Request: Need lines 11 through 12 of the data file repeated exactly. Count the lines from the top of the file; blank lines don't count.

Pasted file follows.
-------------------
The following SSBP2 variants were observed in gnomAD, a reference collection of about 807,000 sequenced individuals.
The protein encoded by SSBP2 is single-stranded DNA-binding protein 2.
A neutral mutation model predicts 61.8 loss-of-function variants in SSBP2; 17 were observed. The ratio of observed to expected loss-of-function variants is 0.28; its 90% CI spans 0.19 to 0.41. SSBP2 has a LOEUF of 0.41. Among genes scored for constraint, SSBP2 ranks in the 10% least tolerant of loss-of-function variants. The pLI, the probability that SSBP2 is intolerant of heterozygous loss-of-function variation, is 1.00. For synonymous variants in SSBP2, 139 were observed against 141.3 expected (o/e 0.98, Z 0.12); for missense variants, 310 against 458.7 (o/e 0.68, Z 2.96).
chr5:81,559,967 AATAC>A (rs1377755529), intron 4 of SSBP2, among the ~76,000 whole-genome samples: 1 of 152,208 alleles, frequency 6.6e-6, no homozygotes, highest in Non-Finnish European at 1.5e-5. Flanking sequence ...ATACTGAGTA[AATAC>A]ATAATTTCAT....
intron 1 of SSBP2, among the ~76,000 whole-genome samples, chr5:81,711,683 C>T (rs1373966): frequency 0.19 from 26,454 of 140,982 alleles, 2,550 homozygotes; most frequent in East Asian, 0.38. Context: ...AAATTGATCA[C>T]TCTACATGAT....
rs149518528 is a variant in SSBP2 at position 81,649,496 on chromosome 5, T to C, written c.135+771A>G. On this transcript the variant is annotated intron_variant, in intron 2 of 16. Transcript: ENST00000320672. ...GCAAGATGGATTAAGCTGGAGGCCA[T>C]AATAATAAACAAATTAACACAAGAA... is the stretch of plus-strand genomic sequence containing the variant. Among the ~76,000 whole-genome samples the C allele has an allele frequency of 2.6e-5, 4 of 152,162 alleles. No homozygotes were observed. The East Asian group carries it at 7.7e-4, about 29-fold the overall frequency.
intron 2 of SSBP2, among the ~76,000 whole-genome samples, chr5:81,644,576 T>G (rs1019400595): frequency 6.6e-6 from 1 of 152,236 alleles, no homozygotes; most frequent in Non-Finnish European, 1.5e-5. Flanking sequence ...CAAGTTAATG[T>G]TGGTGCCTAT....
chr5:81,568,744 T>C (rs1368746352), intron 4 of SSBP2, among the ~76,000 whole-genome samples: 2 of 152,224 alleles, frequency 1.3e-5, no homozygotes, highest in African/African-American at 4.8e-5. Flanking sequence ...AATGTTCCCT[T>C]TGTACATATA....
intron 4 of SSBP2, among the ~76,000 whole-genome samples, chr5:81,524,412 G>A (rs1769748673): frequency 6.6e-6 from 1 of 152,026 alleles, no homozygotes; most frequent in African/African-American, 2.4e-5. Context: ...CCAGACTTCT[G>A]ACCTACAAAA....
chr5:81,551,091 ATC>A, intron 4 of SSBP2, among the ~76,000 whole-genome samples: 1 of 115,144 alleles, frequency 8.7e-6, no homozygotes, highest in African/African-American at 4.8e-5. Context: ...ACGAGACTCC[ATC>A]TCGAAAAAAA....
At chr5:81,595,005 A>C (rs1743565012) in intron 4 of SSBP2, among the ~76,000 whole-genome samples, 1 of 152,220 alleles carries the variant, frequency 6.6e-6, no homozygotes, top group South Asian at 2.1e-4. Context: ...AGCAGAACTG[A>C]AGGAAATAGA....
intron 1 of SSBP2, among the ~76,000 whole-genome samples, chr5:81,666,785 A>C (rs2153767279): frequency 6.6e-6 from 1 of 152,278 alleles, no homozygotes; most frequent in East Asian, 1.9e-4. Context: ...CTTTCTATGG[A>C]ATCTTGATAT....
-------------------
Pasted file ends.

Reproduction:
At chr5:81,595,005 A>C (rs1743565012) in intron 4 of SSBP2, among the ~76,000 whole-genome samples, 1 of 152,220 alleles carries the variant, frequency 6.6e-6, no homozygotes, top group South Asian at 2.1e-4. Context: ...AGCAGAACTG[A>C]AGGAAATAGA....
intron 1 of SSBP2, among the ~76,000 whole-genome samples, chr5:81,666,785 A>C (rs2153767279): frequency 6.6e-6 from 1 of 152,278 alleles, no homozygotes; most frequent in East Asian, 1.9e-4. Context: ...CTTTCTATGG[A>C]ATCTTGATAT....